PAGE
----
As a kid I used to love Christmas but then, as soon as my bubble was burst that Santa wasn’t real I went through a funny phase (particularly through my twenties!) of being a little deflated, feeling overwhelmed by the constant messages to spend money I didn’t have on presents.
But after I had kids, the magic of Christmas returned. I have been busy getting the house decorated, Christmas shopping and basking in the excitement of my children opening their Advent calendar each morning. Not forgetting the colder weather, darker nights and sparkly Christmas lights.
Christmas dinner is a big deal in our family as I am sure it is for most households up and down the country. We go to my mother-in-law’s and all the family gather together, even the Irish Wolfhound Noodles gets a look in by snatching food off the table the minute one of us isn’t looking. Last year she swiped a whole block of cheese off the table, greedy guts!
Just the other day I was telling my MIL all about using leftover brussel sprouts. After a fierce debate on how they should be cooked, she suggested bubble & squeak, whilst my recipe was sautéed brussels (cut in half) with bacon and onions (yum yum!)
If you’re stuck for ideas for using your Christmas dinner leftovers, we have a great selection of recipes here… life doesn’t have to be all about turkey. Gobble Gobble.
Bag a sales bargain
So once the joy of Christmas day is over, hoards of people will take to the Boxing Day sales to bag a bargain. I have been a few times and tend to buy clothes for the children for next winter (a size bigger). Or sometimes I buy massively discounted Christmas decorations and wrapping paper for next year and the odd Christmas present.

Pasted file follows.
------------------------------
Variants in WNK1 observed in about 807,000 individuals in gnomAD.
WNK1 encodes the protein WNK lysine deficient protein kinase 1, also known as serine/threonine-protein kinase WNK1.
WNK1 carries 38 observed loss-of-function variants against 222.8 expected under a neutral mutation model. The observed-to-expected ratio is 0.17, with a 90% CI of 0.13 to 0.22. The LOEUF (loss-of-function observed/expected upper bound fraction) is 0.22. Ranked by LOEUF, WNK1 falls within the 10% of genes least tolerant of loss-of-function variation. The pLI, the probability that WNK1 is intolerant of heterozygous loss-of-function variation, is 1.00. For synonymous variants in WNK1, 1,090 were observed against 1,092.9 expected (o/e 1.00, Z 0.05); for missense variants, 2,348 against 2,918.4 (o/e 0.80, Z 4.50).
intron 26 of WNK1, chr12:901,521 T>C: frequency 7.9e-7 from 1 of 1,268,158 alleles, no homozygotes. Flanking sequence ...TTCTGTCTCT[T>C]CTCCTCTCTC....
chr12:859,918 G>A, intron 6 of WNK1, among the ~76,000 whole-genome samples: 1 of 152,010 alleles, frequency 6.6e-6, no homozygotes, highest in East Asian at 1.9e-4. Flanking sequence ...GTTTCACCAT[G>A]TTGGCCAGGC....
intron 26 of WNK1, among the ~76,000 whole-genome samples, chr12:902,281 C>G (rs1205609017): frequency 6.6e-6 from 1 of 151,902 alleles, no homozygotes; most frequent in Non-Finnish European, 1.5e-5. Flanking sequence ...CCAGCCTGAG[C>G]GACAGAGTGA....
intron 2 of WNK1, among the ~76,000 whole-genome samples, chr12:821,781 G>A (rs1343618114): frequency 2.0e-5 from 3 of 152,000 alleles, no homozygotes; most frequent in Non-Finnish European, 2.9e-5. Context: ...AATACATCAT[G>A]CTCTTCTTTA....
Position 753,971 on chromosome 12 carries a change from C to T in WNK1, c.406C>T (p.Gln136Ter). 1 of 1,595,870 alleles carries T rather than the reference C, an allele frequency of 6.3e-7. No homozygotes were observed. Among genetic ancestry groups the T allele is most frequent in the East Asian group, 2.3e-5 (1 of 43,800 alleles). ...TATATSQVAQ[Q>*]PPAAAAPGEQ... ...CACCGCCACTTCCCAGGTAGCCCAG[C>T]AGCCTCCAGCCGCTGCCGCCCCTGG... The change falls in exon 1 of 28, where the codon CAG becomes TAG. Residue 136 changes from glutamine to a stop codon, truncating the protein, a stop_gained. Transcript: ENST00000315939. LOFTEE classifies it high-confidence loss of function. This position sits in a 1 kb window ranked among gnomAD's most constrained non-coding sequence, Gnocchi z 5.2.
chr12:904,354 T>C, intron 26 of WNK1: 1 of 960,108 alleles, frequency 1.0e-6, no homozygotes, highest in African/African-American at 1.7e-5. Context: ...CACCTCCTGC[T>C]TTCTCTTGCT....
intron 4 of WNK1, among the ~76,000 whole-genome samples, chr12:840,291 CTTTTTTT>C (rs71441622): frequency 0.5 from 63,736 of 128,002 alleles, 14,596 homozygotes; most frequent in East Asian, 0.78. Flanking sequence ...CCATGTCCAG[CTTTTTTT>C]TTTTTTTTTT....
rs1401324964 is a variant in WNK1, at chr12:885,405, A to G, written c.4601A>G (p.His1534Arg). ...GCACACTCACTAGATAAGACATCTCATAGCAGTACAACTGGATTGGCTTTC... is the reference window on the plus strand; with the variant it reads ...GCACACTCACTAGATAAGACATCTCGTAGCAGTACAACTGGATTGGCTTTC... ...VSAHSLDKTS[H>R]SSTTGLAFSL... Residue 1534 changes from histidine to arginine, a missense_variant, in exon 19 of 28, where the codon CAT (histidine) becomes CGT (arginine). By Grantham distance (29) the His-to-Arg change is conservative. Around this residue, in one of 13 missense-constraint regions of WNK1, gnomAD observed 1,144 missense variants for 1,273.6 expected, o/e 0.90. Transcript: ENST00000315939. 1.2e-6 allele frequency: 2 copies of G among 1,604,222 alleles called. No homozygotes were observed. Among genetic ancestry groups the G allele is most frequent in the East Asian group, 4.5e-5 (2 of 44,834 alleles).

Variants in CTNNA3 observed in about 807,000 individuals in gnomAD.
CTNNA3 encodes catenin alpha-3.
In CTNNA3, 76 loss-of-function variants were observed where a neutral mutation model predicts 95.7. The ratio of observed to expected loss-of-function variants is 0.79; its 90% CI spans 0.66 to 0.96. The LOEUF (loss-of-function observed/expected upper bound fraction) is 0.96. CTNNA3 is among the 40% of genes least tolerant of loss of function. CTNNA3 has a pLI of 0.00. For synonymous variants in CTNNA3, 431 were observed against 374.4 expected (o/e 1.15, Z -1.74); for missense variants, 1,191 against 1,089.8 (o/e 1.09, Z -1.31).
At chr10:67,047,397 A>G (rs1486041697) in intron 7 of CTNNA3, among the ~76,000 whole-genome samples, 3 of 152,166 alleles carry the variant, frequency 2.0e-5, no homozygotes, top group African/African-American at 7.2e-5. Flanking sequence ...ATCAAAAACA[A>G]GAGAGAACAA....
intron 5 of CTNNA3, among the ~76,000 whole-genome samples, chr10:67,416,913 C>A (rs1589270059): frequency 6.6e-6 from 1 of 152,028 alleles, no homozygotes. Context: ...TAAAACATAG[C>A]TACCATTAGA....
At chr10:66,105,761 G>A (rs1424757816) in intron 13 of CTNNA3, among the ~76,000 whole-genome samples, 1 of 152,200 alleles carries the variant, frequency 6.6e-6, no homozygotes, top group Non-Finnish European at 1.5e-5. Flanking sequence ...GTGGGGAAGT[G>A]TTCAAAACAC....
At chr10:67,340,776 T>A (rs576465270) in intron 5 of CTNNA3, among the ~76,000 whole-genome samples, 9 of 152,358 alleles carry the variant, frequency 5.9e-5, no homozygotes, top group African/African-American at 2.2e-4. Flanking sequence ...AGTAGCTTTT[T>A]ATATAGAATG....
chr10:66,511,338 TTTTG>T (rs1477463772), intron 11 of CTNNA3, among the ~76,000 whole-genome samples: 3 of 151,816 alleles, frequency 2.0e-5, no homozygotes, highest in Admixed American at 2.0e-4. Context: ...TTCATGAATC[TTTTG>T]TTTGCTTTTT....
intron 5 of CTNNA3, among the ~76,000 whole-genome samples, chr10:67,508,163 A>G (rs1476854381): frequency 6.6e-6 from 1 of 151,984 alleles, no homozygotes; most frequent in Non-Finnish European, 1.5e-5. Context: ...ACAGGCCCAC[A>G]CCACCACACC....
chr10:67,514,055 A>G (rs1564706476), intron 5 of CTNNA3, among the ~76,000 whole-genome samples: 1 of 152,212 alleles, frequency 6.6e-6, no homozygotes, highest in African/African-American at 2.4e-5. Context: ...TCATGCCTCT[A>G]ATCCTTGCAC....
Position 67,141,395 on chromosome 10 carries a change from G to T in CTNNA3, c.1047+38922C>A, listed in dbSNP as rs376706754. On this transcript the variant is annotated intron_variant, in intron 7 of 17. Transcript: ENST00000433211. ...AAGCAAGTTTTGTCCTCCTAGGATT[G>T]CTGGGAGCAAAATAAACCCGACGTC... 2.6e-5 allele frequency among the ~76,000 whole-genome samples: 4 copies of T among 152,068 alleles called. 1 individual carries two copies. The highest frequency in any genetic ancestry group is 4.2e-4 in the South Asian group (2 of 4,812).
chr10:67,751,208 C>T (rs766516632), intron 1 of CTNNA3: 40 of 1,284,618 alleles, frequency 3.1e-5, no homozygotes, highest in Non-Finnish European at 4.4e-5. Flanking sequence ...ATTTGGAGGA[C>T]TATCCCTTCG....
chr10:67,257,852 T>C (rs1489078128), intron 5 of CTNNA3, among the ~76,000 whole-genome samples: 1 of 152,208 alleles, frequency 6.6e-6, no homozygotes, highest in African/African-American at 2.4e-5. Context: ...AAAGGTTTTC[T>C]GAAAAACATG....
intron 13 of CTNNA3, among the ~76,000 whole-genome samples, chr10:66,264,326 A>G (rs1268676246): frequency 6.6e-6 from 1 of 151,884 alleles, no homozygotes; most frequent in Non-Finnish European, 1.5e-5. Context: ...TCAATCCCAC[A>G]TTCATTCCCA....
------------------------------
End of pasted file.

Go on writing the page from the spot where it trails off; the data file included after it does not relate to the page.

I used to be a “last minute Christmas shopper” but with three children to contend with, I have been forced to become far more organised.
Make sure you know your consumer rights just in case that bright green pair of jeans you bought doesn’t look quite as good on you once you get back home.
Thinking of those less fortunate
We are very fortunate to have a large extended family who all get on well, so we’re never without support in some shape or form.
But there are many families out there that are facing really challenging times this Christmas. Their only option for a Christmas meal and food over the festive break will be from a food bank such as the Trussell Trust.
Every year I send a dear friend who is in his sixties and isn’t working, a grocery shop of around £25 to see him through the Christmas week. This is our way of taking a little bit of pressure off for him and it’s also a better present from us than something he may not use or even like.
Checking in on an elderly neighbour and sharing what you have with those that are less fortunate is what Christmas, and life, is all about.
So, to this end I wish you and your family a very Merry Christmas! I’m sure you’ve all been very good this year and Santa will be squeezing his big fat tummy down your chimney or using his “Santa Key” to get in.